Seven ways to help keep wildlife cool

20 Mar 2019

As heatwaves become increasingly common, it’s not just our pets we have to worry about in the hot weather. Heatwaves threaten many of our wildlife species, with the lack of shade and water in our urban areas exacerbating the problem. Fortunately, there are seven steps we can take to help wildlife suffering heat stress.

Keep an eye on the forecast

If a heatwave is predicted in your area, this is the most dangerous time for wildlife. Sustained high temperatures make it difficult to keep cool, and some species are particularly sensitive to the heat. Take precautionary measures during a heatwave.

Supply water

All animals need water to survive, with most species using more water during hot weather to keep their bodies cool. Provide water around your garden and yard in multiple dishes to help the greatest number of animals. Shallow dinner plates covered in water make a great water source for small skinks and lizards. Deeper ice cream containers filled with water are excellent for larger marsupials like wallabies. Bowls wedged in trees or bird baths filled with water are useful for birds. All water dishes should have a rock in the middle raised above the water in case any small animals fall into the water container.

Keep your cats and dogs away

Heat-stressed wildlife are particularly vulnerable to predators such as cats and dogs, as they are slower and weaker due to dehydration. Keep your cats and dogs away from water sources and ideally inside during heatwaves to reduce the risk of predation on wildlife. If you’re inside with the fans or aircon on during a heatwave, your pets would rather be with you anyway!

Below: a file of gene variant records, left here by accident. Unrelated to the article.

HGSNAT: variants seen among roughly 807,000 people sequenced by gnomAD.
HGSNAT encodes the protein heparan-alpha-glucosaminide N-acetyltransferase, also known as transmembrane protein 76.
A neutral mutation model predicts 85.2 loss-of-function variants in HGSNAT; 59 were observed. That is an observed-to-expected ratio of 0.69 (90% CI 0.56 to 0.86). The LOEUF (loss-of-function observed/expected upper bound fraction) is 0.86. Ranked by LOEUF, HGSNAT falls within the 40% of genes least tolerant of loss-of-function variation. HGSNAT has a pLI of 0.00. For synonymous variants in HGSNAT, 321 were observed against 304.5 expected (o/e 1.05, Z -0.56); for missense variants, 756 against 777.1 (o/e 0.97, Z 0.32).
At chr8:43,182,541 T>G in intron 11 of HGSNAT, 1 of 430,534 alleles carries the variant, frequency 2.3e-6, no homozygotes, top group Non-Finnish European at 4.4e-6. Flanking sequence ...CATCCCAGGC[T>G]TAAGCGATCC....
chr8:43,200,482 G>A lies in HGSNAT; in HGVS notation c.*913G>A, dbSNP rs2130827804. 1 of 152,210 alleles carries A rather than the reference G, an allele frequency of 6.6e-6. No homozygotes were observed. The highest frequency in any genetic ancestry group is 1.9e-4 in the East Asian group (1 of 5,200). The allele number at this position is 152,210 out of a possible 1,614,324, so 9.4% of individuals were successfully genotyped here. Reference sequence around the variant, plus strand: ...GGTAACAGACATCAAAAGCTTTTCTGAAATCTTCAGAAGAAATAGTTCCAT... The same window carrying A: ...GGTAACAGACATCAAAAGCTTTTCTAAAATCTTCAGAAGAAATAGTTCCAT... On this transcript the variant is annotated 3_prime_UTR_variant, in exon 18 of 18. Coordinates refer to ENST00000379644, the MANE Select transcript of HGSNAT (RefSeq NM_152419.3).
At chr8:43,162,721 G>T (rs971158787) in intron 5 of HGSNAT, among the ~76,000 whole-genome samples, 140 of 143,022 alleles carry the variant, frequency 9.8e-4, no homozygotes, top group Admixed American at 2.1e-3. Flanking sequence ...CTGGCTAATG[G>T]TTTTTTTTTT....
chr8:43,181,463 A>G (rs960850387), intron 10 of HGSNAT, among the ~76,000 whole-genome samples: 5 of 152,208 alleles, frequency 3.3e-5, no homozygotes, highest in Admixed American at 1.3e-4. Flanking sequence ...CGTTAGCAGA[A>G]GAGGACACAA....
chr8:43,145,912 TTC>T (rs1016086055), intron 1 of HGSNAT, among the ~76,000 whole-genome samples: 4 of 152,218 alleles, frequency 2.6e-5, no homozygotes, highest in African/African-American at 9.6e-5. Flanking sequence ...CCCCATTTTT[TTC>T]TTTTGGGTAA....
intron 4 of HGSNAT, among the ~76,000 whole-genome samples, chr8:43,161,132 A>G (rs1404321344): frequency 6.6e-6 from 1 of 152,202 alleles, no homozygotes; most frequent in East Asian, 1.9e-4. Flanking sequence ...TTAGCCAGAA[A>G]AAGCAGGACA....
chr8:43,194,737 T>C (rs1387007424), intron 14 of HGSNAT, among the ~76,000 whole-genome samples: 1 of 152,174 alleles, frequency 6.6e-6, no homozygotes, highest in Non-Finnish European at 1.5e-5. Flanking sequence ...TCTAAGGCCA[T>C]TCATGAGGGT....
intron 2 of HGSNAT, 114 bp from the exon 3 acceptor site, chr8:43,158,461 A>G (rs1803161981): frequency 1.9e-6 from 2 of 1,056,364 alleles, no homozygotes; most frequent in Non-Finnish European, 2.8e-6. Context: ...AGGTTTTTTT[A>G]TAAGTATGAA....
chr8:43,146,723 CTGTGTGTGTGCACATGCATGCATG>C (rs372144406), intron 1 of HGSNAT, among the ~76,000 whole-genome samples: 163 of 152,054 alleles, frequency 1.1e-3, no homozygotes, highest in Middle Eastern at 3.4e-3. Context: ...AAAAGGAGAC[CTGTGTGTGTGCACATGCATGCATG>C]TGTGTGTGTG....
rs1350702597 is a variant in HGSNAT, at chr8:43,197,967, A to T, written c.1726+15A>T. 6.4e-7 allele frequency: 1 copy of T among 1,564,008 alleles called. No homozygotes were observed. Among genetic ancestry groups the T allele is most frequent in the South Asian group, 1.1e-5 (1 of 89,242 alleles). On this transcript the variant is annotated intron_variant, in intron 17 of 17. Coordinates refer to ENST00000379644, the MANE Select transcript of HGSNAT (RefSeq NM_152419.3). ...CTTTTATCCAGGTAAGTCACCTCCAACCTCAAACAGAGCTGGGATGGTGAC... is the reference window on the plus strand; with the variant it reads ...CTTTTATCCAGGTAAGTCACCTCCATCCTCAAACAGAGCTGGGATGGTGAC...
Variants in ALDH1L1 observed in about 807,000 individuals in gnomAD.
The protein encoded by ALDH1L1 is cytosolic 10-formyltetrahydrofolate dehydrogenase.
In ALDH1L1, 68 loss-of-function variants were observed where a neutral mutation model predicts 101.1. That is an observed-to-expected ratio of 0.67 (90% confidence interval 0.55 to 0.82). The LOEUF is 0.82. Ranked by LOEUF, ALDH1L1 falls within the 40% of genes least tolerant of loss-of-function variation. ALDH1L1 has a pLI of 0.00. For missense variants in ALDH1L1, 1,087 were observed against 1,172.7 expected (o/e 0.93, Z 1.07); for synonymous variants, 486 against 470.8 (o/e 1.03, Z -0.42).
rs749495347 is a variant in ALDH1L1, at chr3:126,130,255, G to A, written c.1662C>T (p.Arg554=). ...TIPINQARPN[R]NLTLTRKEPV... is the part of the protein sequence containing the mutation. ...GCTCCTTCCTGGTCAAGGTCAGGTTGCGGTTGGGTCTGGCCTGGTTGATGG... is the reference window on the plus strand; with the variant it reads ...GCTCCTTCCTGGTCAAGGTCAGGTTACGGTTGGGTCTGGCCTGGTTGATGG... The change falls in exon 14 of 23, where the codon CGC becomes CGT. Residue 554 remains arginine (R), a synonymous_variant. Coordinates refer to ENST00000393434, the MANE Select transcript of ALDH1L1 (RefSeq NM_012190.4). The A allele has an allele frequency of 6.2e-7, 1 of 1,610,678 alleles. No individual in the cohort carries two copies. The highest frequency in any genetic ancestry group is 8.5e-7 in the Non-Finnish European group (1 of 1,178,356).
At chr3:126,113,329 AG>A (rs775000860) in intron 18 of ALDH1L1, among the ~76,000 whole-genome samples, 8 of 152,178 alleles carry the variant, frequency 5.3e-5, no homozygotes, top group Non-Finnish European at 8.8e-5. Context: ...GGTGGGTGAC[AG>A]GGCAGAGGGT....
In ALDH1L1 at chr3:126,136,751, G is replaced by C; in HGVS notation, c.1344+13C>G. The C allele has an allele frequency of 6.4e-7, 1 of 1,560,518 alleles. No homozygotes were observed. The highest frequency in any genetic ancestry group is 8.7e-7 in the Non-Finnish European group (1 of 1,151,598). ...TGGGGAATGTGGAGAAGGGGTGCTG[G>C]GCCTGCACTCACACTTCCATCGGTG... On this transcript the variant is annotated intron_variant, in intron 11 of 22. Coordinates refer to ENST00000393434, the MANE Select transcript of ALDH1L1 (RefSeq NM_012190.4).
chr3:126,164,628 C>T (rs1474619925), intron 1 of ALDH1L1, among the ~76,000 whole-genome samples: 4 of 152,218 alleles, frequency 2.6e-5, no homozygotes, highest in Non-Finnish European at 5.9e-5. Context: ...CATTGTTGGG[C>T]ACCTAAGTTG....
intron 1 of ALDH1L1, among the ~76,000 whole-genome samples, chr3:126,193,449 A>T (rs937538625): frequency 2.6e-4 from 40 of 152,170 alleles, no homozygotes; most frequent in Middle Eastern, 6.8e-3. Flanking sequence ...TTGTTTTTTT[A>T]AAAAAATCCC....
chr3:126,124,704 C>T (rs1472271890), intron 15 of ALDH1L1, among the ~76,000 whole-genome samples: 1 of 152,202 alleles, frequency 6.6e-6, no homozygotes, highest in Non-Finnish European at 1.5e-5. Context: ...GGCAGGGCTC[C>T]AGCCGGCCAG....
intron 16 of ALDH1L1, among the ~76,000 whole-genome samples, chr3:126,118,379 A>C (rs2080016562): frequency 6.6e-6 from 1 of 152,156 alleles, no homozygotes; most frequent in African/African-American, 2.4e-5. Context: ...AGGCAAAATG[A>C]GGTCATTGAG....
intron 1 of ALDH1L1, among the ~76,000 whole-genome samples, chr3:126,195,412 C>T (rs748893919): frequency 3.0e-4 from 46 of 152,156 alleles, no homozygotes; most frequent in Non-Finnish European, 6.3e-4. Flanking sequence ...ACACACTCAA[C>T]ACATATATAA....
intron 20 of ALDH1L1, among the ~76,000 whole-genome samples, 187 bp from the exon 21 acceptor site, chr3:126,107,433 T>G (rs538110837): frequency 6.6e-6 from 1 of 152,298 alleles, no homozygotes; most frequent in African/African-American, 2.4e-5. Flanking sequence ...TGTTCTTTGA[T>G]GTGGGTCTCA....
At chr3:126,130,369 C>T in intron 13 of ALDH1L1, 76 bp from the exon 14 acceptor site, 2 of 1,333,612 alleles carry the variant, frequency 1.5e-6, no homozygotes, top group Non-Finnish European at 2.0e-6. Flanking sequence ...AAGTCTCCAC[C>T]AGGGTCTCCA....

Let them rest

Wildlife often stay away from humans, but when they are heat stressed, they might venture into our homes and yards. If you find wildlife resting on your patio or in your carport during a heatwave, leave them to rest and recover unless they are in a dangerous situation.

When to call for help

If you come across wildlife that seem severely heat-stressed, such as a koala that is panting and at the bottom of a tree, or birds that seem lethargic, are on the ground and don’t try to fly away from you, it’s time to call a wildlife carer or veterinarian for advice. Before approaching any wildlife, you should always check with a wildlife care group to stay safe. Some animals carry deadly diseases (e.g. bats) or are dangerous (e.g. snakes and goannas) and should only be handled by experienced and vaccinated wildlife carers. Once you’ve checked with a wildlife carer, and they’ve given you the all clear to take the wild animal to the veterinarian, you can now approach the animal.

Securing the sick animal

Always put a barrier between you and the wild animal, such as a towel or welding gloves. Gently pick the animal up, taking care to avoid the face and claws. Secure the animal in a cardboard box with air holes and offer them some water in a shallow dish.

Attending the veterinary clinic

Once the animal has been secured, take them to your veterinarian as quickly as possible. Don’t feed them, as wildlife have very specific diets and the wrong food can make them sick. Call your veterinarian ahead of time to let them know you’re coming, and before you leave the clinic, always provide plenty of information on where you found the animal.

Veterinarians treat hundreds of thousands of sick wildlife in Australia every year, providing an important community service and helping to improve the welfare of our wildlife.

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